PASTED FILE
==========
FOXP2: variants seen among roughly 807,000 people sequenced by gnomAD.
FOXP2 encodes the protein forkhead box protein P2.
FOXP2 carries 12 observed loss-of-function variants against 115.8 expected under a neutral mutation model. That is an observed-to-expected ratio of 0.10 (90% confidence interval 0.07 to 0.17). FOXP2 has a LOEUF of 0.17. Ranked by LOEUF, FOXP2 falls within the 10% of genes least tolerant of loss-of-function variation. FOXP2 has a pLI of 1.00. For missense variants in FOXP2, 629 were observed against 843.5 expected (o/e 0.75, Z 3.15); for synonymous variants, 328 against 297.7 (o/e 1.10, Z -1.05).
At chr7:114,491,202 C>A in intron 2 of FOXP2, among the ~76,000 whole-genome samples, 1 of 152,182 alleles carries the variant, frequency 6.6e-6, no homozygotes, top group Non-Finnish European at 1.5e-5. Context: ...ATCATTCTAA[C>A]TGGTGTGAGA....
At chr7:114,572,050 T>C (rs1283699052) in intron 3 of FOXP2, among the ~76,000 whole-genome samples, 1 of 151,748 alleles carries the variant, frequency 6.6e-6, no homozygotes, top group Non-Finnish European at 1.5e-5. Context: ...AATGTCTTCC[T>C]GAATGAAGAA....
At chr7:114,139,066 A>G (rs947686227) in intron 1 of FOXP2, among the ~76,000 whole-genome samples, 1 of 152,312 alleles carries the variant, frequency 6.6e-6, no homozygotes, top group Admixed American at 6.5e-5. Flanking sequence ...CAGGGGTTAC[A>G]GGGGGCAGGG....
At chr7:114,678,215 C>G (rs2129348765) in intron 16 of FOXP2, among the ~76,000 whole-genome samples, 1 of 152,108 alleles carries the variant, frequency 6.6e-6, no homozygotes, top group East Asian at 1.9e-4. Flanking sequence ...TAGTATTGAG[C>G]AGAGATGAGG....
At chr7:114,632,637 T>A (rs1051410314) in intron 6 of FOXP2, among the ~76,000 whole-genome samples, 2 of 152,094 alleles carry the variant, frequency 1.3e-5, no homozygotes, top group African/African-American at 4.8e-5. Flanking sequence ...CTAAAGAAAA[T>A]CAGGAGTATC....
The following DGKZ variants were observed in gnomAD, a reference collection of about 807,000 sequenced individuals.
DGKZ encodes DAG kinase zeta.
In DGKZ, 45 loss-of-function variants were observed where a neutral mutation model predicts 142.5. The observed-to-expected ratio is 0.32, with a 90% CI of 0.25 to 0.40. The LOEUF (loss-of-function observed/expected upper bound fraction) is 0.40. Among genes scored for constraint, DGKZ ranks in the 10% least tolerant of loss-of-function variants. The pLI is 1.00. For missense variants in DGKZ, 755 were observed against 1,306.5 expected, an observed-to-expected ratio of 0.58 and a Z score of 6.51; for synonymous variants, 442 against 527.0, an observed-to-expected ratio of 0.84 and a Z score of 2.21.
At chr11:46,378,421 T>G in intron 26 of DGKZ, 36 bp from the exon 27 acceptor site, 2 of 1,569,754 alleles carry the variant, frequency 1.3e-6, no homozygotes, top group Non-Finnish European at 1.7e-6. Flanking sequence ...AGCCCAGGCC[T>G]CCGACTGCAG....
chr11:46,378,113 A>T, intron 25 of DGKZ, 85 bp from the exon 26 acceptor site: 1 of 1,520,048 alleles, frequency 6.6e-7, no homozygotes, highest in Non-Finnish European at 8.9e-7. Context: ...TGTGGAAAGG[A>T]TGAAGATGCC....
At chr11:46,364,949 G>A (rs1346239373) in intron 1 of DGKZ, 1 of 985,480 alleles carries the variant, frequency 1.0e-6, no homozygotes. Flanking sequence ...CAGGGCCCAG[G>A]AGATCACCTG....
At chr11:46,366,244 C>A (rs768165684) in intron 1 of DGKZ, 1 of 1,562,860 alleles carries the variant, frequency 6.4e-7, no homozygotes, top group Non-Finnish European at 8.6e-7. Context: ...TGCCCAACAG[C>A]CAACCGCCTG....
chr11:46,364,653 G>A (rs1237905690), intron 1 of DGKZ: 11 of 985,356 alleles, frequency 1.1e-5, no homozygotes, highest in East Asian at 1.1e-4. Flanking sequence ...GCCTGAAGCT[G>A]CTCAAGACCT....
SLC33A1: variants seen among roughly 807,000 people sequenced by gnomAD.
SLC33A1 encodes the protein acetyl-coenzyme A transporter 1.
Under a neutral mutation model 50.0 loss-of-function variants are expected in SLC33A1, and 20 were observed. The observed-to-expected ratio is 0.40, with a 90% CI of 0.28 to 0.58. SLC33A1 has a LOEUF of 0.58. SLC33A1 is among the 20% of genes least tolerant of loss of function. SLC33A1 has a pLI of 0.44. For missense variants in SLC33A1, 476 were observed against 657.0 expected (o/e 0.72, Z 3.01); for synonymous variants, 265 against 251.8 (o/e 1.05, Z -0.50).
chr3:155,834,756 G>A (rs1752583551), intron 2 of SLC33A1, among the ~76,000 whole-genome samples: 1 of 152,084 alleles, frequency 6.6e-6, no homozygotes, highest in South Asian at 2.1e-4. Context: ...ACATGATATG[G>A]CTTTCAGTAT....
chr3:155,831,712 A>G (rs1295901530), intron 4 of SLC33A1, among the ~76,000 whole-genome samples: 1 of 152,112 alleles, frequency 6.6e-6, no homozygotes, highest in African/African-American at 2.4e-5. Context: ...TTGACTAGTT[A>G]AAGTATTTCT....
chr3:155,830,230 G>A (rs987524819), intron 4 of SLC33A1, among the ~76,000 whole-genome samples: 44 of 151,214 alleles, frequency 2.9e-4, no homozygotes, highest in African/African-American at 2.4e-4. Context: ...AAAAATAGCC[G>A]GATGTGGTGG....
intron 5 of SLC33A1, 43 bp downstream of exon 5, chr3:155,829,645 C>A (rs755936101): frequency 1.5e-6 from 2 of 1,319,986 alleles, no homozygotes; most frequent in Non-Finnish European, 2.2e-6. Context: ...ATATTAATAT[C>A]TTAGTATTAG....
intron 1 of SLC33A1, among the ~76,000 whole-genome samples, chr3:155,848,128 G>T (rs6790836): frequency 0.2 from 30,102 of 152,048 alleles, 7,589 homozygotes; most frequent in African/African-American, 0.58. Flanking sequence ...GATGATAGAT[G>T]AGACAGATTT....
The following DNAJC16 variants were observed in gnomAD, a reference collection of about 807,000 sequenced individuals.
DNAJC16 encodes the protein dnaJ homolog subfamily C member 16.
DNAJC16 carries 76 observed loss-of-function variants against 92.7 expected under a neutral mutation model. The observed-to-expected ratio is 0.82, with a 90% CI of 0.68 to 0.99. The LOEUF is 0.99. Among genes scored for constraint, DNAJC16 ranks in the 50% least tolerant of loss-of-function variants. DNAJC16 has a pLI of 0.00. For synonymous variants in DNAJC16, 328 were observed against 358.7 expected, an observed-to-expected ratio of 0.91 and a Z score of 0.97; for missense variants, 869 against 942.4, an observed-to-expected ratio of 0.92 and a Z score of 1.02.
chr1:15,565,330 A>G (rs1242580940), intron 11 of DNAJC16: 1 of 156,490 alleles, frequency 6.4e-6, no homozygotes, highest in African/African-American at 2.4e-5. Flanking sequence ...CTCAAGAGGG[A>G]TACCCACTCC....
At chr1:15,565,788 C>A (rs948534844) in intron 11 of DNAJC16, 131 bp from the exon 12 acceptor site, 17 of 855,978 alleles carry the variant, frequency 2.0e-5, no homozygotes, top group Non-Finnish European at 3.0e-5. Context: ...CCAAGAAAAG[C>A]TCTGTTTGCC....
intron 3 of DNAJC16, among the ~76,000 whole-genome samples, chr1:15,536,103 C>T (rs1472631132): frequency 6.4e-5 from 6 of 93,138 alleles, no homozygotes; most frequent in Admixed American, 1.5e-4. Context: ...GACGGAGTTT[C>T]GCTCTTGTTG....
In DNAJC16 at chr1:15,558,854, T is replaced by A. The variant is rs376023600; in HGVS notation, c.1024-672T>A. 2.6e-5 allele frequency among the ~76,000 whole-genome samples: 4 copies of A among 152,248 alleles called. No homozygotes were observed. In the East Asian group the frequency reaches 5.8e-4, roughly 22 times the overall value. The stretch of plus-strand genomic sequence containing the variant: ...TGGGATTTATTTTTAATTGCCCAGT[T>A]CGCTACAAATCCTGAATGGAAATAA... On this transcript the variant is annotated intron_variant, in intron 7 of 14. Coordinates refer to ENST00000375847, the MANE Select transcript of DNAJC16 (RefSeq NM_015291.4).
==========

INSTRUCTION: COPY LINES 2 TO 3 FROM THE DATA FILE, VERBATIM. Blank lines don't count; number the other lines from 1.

FOXP2 encodes the protein forkhead box protein P2.
FOXP2 carries 12 observed loss-of-function variants against 115.8 expected under a neutral mutation model. That is an observed-to-expected ratio of 0.10 (90% confidence interval 0.07 to 0.17). FOXP2 has a LOEUF of 0.17. Ranked by LOEUF, FOXP2 falls within the 10% of genes least tolerant of loss-of-function variation. FOXP2 has a pLI of 1.00. For missense variants in FOXP2, 629 were observed against 843.5 expected (o/e 0.75, Z 3.15); for synonymous variants, 328 against 297.7 (o/e 1.10, Z -1.05).